The 2016 Create the Future Design Contest — sponsored by COMSOL, Mouser Electronics, and Tech Briefs Media Group (publishers of NASA Tech Briefs) — recognized innovation in product design in seven categories: Aerospace & Defense, Automotive/Transportation, Consumer Products, Electronics, Machinery/Automation/ Robotics, Med ical, and Sustainable Technologies. In this special section, you’ll meet the Grand Prize Winner, as well as the winners and Honorable Mentions in all seven categories, chosen from over 1,100 new product ideas submitted from a record 71 countries. To view all of the entries online, visit

Posted in: Articles, Aerospace, Automotive, Defense, Electronics, Alternative Fuels, Energy, Renewable Energy, Green Design & Manufacturing, Medical, Patient Monitoring, Automation, Robotics, Design processes, Collaboration and partnering

2016 Create the Future Design Contest: Grand Prize Winner


Thomas Healy, RF Culbertson, AJ Emanuele, Morgan Culbertson, Wilson Sa, Pam Culbertson, Chad Saylor, Len Kulbacki, Eric Weber, Adam Faris, Kim Kasee, Roger Richter, Jared King, Phil Aufdencamp, and Tim Gehring

Hyliion, Pittsburgh, PA

"The Hyliion team is honored to be the Grand Prize winner of the prestigious Create the Future Contest. It is a tremendous validation of the impact the Hyliion Intelligent Electric Drive Axle System will have on the trucking industry, and the environment."

Hyliion is bringing hybrid efficiency to the trucking industry by replacing a semi-trailer’s passive axle with the Intelligent Electric Drive Axle System. The system can decrease fuel consumption and reduce emissions by capturing wasted energy and storing it in a battery pack to help propel the trailer when needed. Currently, tractor-trailers get 6.5 miles per gallon, and on average use $48,000 of fuel annually (per tractor). The trucking industry in the U.S. spends $150B per year on fuel; 6.2% of all emissions in the U.S. comes from trucks.

Posted in: Articles, Automotive, Alternative Fuels, Energy, Energy Storage, Renewable Energy, Green Design & Manufacturing, Heavy trucks, Hybrid electric vehicles, Trailers

2016 Create the Future Design Contest: Sustainable Technologies Category Winner


“Desolenator is extremely proud and thankful to all those who voted for us. We believe that the global water crisis is a serious issue, and winning recognition from a leading publication offers great support to our efforts. We will surely return to share our progress with readers over the coming years.”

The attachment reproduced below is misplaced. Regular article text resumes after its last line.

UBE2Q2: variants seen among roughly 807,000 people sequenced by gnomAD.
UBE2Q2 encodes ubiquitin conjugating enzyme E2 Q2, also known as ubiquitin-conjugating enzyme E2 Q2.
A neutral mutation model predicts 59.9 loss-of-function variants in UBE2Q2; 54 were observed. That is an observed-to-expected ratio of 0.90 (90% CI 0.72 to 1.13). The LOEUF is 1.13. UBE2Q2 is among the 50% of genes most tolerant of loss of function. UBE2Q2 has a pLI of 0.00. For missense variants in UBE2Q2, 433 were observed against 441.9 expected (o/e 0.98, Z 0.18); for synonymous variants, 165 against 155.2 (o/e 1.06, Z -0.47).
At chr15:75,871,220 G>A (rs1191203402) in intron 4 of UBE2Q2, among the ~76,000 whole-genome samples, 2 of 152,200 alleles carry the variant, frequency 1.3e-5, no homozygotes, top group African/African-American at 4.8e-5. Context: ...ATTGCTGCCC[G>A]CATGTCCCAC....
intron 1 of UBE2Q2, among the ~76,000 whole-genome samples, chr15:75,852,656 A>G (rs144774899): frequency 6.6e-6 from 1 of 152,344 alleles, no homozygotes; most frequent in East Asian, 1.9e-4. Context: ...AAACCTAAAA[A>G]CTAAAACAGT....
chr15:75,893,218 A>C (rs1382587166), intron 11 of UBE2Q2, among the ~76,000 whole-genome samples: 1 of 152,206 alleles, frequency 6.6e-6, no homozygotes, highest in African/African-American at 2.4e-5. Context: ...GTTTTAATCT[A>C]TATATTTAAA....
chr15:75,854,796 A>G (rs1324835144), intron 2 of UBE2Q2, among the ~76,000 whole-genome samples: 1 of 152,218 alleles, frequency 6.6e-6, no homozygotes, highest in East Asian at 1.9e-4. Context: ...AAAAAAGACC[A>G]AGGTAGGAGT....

William Janssen, Desolenator, London, UK

The Desolenator is a water-purification technology that decontaminates water from any source using only solar energy. The technology is a very affordable ($0.005/L) “at-source” method of water purification. It offers a combination of features and capabilities that makes it extremely well suited for household use. It is GSM-mobile enabled and is data-driven through sensors, enabling service through micro mobile payment. It is eco-friendly, has a lifespan of up to 20 years, doesn’t require filters/ membranes, doesn’t drain the main’s electricity, and doesn’t expel toxic waste into the ocean. The long-term goal is to prevent the worsening of the water crisis.

Posted in: Articles, Renewable Energy, Solar Power, Green Design & Manufacturing, Greenhouse Gases, Design processes, Sun and solar, Sustainable development, Water reclamation

Method of Forming Textured Silicon Substrate by Maskless Cryogenic Etching

NASA’s Jet Propulsion Laboratory has developed an advanced energy-storage device to accommodate portable devices, minimize emissions from automobiles, and enable more challenging space missions. The use of silicon for the anode of lithium ion (Li-ion) batteries is attractive because silicon has the highest theoretical charge capacity of any material when used as an anode in a Li-ion battery. Conventional silicon anodes undergo large-volume expansions and contractions with the absorption and desorption of Li-ions, however, and this results in pulverization of the anode after several charge and discharge cycles. JPL’s innovative Li-ion battery anodes are made of micro-textured silicon, which is able to accommodate the stress of expansion and contraction during the charging cycle. These robust silicon anodes make high-capacity, rapid-charge-rate Li-ion batteries practical.

Posted in: Briefs, Power Management, Energy, Battery cell chemistry, Energy storage systems, Lithium-ion batteries, Silicon alloys

Fully Premixed, Low-Emission, High-Pressure, Multi-Fuel Burner

Applications include use in aircraft, spacecraft, and heating and boilers for commercial and residential systems.

NASA’s Glenn Research Center has developed a novel design for a fully premixed, high-pressure burner capable of operating on a variety of gaseous fuels and oxidizers, including hydrogen-air mixtures, with a low pressure drop. The burner provides a rapidly and uniformly mixed fuel-oxidizer mixture that is suitable for use in a fully premixed combustion regime that has the benefits of low pollutant emissions (when operated at fuel lean conditions) and freedom from harmful flashback effects, combustion instabilities, and thermal meltdown problems that are normally associated with premixed combustion systems operating at high pressures.

Posted in: Briefs, Aerospace, Aviation, Energy, Low emission vehicles (LEV) and Zero emission vehicles (ZEV), Hydrogen fuel, Gases, Combustion and combustion processes